Arctic Fish received final approval from Chinese regulatory and customs officials to send its first batch of salmon to China earlier this week. The company has been navigating the challenging approval process for the past five years, explains Arctic Fish’s Founder and current Head of Business Development, Sigurður Pétursson.
“This has been a long time in preparation and I first went as a delegate of the Icelandic Ministry of Foreign Affairs on behalf of the Aquaculture Association in June 2014 for the signing of the free trade agreement between Iceland and China,” explains Pétursson to High North News.
Iceland goes to China
Aquaculture products have not previously been traded between the two countries, requiring a number of certifications and registrations in order to begin exporting farmed salmon. Over the past five years it required several visits and inspections to secure the necessary permits. Pétursson highlights that it took the combined efforts of Icelandic Ministries, Iceland’s Food and Veterinary Authority (MAST) and the country’s embassy in China to receive formal registration of Arctic Fish’s products. The first shipment will be done via air transport and Pétursson left open the possibility of utilizing the Northern Sea Route for future deliveries.
The company did not disclose how many tons of fish it aims to export to China annually. “We don’t know yet as we are only sending our first shipment this week,” Pétursson explained.
Joint-venture with Norway Royal Salmon
Arctic Fish will rely on Norway Royal Salmon (NRS), a Norwegian salmon farmer generating annual sales of 5 billion NOK, for the sale of its product in China. In fact, NRS acquired a 50 percent stake in the company in 2016 valued at 29 million Euro, making Arctic Fish a defacto Icelandic-Norwegian joint venture.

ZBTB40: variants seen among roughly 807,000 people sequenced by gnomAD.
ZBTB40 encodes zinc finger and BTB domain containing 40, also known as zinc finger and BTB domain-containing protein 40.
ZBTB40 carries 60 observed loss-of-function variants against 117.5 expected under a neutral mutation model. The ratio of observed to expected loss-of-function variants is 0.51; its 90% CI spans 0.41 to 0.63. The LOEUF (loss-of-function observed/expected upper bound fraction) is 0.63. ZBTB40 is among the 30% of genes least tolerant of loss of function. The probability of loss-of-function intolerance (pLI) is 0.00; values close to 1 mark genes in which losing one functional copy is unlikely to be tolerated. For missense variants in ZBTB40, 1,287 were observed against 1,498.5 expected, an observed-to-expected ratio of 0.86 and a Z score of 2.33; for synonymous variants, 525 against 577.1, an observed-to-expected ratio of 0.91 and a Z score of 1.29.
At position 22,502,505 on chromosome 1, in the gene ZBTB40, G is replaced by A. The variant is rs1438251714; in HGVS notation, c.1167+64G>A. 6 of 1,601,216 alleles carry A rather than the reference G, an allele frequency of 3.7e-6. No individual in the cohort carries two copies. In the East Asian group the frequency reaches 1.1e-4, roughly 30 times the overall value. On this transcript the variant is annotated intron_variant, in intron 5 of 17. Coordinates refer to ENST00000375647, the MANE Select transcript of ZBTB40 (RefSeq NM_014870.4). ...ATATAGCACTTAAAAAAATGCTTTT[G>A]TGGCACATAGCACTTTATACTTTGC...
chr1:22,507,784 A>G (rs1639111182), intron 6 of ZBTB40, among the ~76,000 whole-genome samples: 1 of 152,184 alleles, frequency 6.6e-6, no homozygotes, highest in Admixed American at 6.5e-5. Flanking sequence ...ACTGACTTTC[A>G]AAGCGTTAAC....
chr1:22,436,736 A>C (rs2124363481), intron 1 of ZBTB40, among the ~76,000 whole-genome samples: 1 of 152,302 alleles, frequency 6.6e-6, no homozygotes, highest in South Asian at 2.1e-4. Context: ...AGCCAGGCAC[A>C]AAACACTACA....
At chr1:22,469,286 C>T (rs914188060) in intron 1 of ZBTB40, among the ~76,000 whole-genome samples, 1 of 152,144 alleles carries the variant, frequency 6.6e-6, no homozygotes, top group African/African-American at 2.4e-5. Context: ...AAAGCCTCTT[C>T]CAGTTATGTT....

The company expects other Icelandic salmon farmers to also begin shipments to China as early as this week. The country is the largest consumer of fish in the world and represents a major opportunity, Pétursson said.
The expansion into China follows serious setbacks in October 2018 when Arctic Fish and one of its competitors, Arnarlax, lost their licenses to farm salmon in the Patreksfjordur and Talknafjordur area worth more than 17,500 tons of fish. Following new aquaculture legislation both companies had their licenses revoked but were able to operate under temporary exemptions this summer following significant protests from the affected communities and companies. Just last week Arctic Fish successfully renewed both licenses for ten years.
Norway exporting Salmon to China
Exporting salmon to China has been part of political disputes for much of the past decade. Following the awarding of the Nobel Prize to Chinese human rights activist Liu Xiaobo in 2010, Chinese-Norwegian relations deteriorated and salmon exports to the country plummeted. Following the normalization of relations beginning in 2017 salmon exports are now steadily increasing again with more than 20,000 tons making their way to China from Norway during the first seven months of 2019.
China is expected to become the world’s largest consumer of salmon within the next decade, overtaking Japan. Meanwhile, salmon is Norway’s second-largest export after oil and gas creating the potential for large-scale exports to China. By 2025 China is forecasted to consume 240,000 tons of the fish, up from around 100,000 tons this year.
Norway hopes to deliver 65 percent of the country’s future salmon needs, up from 30 percent in 2018. Russia’s Northern Sea Route may play a vital role in the future in delivering product to China. A delivery of frozen fish from Vladivostok to St. Petersburg was carried along the route by Danish shipping company Maersk just last year.